It’s simple, we split the post array into ‘normal’ column names and another array with the aliases. The normal array can then be passed to fromArray() without exceptions being thrown. So having populated the columns it’s time to connect our new destination to the checked aspects.

We loop throw them all, in this case only one loop with $rel containing ‘Asp’ and $sub; the array with 1 and 2. First we try to unlink all relations, this is possible in an update scenario, not when inserting. That is why we have to catch Doctrine_Connection_Mysql_Exception. In case we update they will be removed all of them, further down the currently checked aspects will be added. Codewise this is the simplest way of doing this, another way would be to determine which old relations aren’t in the new update array and have only them removed (unlink will take an array of ids of relations to be removed as a second argument). Followed by determining which relations in the update array are not in the old relations and have only them added.

We get the Aspect table object through Doctrine_Relation::getTable(). The table object can then be used to start a DQL query with from etc already set, we only need to attach the where clause and we use ‘item’ as our alias (… FROM Aspect item WHERE …). In this case we will use whereIn() which will accept the column to use (item.id) and an array that I suppose will be used to create the IN clause, IN (1,2) in our case. The result will be a Doctrine_Collection which we can loop through to access each Doctrine_Record object. In case there is only one box checked we use where() instead.

In the above case $this->$rel will expand into $this->Asp of course which is yet another collection so we can use the add method to add each record. Finally save() can be called on the object, the save method in Ctrl now looks like this:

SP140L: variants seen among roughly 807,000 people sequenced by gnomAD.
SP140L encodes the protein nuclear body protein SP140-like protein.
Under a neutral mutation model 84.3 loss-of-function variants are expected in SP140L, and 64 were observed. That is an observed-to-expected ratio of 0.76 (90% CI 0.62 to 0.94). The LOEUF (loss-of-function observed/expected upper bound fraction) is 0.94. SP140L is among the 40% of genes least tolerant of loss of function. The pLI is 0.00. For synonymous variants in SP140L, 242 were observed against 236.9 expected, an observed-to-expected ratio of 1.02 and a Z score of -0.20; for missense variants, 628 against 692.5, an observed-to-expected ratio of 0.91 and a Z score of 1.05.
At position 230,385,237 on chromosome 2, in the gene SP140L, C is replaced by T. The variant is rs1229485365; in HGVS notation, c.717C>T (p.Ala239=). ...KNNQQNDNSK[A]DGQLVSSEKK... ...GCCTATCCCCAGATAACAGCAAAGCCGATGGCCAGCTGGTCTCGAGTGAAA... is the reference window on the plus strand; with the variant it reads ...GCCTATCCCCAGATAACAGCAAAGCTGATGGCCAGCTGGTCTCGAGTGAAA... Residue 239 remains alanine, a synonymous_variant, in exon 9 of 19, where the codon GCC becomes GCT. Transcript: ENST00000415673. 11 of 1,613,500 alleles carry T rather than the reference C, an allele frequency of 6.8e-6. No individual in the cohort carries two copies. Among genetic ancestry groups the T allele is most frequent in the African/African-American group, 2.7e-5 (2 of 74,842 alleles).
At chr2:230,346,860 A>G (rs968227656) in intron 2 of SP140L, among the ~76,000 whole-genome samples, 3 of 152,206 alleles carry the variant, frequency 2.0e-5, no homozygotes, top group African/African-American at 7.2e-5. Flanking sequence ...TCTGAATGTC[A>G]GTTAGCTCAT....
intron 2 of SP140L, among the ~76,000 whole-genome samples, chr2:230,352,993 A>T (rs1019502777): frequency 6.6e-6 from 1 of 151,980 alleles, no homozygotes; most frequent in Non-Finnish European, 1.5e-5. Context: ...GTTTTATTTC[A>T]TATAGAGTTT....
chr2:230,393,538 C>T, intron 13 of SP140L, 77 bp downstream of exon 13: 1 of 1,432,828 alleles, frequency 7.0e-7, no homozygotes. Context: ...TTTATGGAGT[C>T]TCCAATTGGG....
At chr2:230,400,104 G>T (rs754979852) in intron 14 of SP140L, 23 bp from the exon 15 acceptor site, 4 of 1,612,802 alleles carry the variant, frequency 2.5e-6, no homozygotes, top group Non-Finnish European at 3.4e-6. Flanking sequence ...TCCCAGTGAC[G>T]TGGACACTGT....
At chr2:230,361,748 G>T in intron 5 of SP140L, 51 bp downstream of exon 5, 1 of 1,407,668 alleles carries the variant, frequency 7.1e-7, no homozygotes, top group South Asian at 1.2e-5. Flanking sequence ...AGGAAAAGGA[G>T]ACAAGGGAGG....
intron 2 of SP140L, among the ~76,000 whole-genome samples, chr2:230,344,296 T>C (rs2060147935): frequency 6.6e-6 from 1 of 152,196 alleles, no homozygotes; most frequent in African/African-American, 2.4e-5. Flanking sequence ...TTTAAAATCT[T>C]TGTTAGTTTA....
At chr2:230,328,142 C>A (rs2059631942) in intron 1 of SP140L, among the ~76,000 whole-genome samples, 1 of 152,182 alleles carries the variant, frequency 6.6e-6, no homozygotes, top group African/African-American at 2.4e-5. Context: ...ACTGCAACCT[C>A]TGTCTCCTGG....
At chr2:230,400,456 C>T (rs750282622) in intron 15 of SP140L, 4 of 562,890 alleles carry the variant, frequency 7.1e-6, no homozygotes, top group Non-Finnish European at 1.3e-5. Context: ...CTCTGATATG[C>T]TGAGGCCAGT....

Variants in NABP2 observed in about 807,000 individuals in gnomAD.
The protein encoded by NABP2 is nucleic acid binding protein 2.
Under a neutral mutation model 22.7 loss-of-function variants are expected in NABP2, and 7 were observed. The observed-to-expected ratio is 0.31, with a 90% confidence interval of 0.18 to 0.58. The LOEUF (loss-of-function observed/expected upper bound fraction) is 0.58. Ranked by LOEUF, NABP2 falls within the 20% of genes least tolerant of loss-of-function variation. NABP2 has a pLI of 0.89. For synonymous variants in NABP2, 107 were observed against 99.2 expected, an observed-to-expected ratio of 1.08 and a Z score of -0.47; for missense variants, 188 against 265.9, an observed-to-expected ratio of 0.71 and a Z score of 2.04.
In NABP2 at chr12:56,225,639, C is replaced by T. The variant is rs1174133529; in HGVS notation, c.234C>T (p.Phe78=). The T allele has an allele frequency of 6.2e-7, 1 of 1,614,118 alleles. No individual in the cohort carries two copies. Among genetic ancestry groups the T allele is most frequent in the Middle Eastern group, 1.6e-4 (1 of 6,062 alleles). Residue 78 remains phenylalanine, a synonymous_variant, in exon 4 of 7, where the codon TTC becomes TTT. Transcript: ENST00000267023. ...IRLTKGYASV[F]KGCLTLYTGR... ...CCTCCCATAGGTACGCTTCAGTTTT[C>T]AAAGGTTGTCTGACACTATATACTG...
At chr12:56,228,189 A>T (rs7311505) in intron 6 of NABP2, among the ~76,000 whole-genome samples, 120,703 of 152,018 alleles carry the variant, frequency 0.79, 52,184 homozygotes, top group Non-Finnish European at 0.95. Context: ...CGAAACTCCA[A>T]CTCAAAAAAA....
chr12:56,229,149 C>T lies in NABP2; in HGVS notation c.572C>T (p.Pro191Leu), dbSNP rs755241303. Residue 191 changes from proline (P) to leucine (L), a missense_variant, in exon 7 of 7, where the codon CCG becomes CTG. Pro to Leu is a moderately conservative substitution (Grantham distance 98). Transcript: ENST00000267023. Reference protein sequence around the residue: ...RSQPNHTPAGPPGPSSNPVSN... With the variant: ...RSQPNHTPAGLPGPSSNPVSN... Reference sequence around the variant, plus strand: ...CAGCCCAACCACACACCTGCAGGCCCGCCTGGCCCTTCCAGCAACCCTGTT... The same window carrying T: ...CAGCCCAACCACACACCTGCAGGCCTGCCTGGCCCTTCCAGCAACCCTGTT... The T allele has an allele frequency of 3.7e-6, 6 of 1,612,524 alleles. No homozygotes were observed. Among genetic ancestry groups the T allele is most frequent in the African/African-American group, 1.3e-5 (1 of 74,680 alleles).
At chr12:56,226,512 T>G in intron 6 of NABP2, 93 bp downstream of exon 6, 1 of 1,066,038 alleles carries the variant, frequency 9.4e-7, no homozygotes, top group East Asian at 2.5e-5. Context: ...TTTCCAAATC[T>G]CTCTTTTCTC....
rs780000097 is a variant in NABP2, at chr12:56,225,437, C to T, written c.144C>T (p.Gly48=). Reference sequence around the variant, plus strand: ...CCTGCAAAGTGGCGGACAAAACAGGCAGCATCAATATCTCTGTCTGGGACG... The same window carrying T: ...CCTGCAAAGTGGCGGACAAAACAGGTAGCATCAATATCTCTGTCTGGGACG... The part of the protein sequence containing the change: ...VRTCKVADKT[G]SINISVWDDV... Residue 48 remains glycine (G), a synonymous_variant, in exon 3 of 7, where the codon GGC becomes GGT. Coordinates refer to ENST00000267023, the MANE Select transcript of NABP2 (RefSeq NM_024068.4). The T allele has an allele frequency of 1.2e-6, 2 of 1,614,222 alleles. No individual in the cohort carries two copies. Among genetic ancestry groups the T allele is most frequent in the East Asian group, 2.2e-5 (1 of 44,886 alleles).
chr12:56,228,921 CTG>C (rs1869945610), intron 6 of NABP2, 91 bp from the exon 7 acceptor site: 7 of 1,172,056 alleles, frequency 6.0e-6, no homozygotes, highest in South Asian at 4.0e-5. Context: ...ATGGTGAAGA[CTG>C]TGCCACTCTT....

function preSave(&$obj){}
function afterSave(&$obj){}

function save(){
  print_r($this->p);
  $custom_validation = $this->validation();
  if($custom_validation !== true){
    list($key, $error) = $custom_validation;
    return $this->setErrQuit($key, $error);
  }
  $obj = empty($this->g['id']) ? $this->myMdl() : $this->find();
  try{
    $obj->fromArrayExt($this->p);
    $this->preSave($obj);
    $obj->save();
    $this->afterSave($obj);
    return $this->onSave();
  }catch(Doctrine_Validator_Exception $e){
    foreach($obj->getErrorStack()->toArray() as $key => $value)
      return $this->setErrQuit($key, $value[0]);
  }
}

I’ve added two hooks in the form of preSave() and afterSave(), as of yet unused but they will probably be needed sooner or later :) . Anyway after hitting Submit in the above form I exported the data:

INSERT INTO `aspect` (`id`, `name`, `descr`) VALUES
(1, 'Whale Sharks', 'The biggest fish on earth.'),
(2, 'Hammerhead Sharks', '');

INSERT INTO `aspect_list` (`id`, `dest_id`, `aspect_id`) VALUES
(1, 1, 1),
(2, 1, 2);

INSERT INTO `destination` (`id`, `article_id`, `name`) VALUES
(1, 20, 'Similan');

So it works, great but be careful, there are no checks to prevent overlapping column and alias names. In the above case, a column name of ‘asp’ would have resulted in a total mess.